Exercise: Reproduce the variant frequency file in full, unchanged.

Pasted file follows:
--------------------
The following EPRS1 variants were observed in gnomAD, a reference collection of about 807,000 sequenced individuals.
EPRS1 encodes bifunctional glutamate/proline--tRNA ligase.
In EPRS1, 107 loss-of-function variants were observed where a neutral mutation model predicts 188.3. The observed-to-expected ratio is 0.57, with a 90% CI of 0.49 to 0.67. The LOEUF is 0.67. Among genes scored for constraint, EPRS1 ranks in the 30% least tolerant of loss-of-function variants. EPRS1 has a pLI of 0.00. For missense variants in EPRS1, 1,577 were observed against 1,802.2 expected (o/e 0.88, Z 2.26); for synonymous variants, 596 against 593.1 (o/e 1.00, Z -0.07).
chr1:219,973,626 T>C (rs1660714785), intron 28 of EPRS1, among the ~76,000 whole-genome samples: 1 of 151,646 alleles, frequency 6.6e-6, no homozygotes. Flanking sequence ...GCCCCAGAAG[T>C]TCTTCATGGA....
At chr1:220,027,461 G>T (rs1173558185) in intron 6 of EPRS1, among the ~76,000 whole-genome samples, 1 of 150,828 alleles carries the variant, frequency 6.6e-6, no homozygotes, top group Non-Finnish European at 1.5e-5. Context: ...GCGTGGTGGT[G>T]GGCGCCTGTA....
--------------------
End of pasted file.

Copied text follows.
The following EPRS1 variants were observed in gnomAD, a reference collection of about 807,000 sequenced individuals.
EPRS1 encodes bifunctional glutamate/proline--tRNA ligase.
In EPRS1, 107 loss-of-function variants were observed where a neutral mutation model predicts 188.3. The observed-to-expected ratio is 0.57, with a 90% CI of 0.49 to 0.67. The LOEUF is 0.67. Among genes scored for constraint, EPRS1 ranks in the 30% least tolerant of loss-of-function variants. EPRS1 has a pLI of 0.00. For missense variants in EPRS1, 1,577 were observed against 1,802.2 expected (o/e 0.88, Z 2.26); for synonymous variants, 596 against 593.1 (o/e 1.00, Z -0.07).
chr1:219,973,626 T>C (rs1660714785), intron 28 of EPRS1, among the ~76,000 whole-genome samples: 1 of 151,646 alleles, frequency 6.6e-6, no homozygotes. Flanking sequence ...GCCCCAGAAG[T>C]TCTTCATGGA....
At chr1:220,027,461 G>T (rs1173558185) in intron 6 of EPRS1, among the ~76,000 whole-genome samples, 1 of 150,828 alleles carries the variant, frequency 6.6e-6, no homozygotes, top group Non-Finnish European at 1.5e-5. Context: ...GCGTGGTGGT[G>T]GGCGCCTGTA....